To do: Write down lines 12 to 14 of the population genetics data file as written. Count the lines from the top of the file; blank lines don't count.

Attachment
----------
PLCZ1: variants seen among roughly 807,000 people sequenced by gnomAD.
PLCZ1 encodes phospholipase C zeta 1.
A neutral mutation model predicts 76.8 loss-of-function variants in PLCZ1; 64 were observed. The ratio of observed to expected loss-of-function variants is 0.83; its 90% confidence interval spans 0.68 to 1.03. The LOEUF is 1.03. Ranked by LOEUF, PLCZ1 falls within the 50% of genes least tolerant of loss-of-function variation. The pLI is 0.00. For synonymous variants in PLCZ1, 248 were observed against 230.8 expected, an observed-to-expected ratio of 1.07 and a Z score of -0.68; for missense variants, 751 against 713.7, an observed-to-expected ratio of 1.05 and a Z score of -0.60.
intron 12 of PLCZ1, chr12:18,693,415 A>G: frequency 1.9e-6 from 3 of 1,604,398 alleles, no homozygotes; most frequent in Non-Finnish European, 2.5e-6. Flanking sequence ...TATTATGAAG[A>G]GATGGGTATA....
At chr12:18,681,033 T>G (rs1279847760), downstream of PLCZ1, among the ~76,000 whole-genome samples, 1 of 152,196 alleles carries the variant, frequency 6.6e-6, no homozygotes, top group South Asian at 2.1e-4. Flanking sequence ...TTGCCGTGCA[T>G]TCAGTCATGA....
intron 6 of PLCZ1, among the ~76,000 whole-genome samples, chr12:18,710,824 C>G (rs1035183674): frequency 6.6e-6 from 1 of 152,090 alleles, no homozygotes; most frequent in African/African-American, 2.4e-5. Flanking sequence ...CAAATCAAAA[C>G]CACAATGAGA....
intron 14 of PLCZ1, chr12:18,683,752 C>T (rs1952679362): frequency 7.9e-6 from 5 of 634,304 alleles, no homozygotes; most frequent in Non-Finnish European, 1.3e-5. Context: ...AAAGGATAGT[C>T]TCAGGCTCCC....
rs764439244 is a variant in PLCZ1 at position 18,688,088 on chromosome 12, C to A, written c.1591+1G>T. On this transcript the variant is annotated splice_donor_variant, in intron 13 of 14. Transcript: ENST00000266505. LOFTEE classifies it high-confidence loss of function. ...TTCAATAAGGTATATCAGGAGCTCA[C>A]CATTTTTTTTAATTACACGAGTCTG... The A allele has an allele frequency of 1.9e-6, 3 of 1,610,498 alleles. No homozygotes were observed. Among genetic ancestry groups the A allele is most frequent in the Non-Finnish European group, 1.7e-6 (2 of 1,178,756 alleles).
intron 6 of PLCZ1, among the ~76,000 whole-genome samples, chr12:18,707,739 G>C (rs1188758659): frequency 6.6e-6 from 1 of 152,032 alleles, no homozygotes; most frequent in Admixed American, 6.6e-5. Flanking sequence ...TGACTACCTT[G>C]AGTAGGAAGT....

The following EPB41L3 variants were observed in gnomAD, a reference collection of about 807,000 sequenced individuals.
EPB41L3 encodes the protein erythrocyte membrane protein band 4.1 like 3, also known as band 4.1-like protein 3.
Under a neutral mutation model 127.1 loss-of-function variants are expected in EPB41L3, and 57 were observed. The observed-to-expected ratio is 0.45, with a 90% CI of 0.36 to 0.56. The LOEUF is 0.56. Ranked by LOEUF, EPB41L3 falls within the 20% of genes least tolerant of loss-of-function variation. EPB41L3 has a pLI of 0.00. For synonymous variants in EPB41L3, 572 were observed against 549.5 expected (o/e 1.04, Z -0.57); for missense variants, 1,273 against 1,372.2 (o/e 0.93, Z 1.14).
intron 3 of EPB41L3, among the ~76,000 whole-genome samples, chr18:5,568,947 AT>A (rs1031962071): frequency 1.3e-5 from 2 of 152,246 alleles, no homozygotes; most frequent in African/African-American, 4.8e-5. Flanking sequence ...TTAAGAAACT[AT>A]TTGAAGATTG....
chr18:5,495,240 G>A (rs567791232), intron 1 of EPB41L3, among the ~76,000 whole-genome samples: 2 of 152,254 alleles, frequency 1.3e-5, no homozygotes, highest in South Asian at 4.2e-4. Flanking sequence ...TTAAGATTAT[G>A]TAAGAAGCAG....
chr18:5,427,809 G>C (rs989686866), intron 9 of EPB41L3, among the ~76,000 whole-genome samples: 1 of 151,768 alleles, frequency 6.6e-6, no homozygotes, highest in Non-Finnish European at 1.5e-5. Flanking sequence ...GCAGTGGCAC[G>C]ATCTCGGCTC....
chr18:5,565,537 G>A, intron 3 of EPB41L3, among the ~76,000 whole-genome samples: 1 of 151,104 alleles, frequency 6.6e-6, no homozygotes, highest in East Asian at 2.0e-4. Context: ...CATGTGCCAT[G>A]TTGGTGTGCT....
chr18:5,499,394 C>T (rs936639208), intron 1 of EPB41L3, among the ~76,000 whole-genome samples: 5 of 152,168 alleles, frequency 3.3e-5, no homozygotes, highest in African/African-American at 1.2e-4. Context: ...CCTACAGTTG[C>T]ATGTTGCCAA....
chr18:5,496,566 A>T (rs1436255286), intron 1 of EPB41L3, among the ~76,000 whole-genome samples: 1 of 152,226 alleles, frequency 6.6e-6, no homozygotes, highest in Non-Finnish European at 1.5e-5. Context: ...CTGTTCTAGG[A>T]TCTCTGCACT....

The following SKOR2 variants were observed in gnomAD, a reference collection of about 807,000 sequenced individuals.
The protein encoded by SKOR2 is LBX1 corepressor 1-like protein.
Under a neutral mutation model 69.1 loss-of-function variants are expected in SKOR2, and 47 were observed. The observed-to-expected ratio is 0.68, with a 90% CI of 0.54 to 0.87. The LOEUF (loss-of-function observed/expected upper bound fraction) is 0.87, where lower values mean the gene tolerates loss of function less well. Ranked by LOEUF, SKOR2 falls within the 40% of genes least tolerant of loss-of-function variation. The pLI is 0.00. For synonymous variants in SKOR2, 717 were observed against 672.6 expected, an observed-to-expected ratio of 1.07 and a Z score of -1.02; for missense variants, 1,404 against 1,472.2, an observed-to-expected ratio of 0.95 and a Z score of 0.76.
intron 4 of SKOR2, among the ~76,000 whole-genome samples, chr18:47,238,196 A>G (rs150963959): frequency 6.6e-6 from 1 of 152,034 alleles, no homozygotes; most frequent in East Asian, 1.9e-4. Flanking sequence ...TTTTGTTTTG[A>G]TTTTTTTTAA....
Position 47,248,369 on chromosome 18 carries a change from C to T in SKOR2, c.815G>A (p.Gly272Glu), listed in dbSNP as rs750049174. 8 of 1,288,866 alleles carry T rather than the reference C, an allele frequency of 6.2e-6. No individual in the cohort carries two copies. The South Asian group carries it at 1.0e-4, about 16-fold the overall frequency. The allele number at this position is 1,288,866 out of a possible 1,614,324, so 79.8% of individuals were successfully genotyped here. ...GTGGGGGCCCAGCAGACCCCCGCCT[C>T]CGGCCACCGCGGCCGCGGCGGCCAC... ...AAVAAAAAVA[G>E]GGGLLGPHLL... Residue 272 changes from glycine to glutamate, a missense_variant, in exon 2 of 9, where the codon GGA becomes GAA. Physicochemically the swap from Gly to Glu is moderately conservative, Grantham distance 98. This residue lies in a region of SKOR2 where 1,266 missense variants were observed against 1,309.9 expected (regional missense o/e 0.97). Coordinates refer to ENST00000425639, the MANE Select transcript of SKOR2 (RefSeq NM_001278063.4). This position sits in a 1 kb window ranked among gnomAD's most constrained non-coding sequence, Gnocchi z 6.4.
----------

Under a neutral mutation model 127.1 loss-of-function variants are expected in EPB41L3, and 57 were observed. The observed-to-expected ratio is 0.45, with a 90% CI of 0.36 to 0.56. The LOEUF is 0.56. Ranked by LOEUF, EPB41L3 falls within the 20% of genes least tolerant of loss-of-function variation. EPB41L3 has a pLI of 0.00. For synonymous variants in EPB41L3, 572 were observed against 549.5 expected (o/e 1.04, Z -0.57); for missense variants, 1,273 against 1,372.2 (o/e 0.93, Z 1.14).
intron 3 of EPB41L3, among the ~76,000 whole-genome samples, chr18:5,568,947 AT>A (rs1031962071): frequency 1.3e-5 from 2 of 152,246 alleles, no homozygotes; most frequent in African/African-American, 4.8e-5. Flanking sequence ...TTAAGAAACT[AT>A]TTGAAGATTG....
chr18:5,495,240 G>A (rs567791232), intron 1 of EPB41L3, among the ~76,000 whole-genome samples: 2 of 152,254 alleles, frequency 1.3e-5, no homozygotes, highest in South Asian at 4.2e-4. Flanking sequence ...TTAAGATTAT[G>A]TAAGAAGCAG....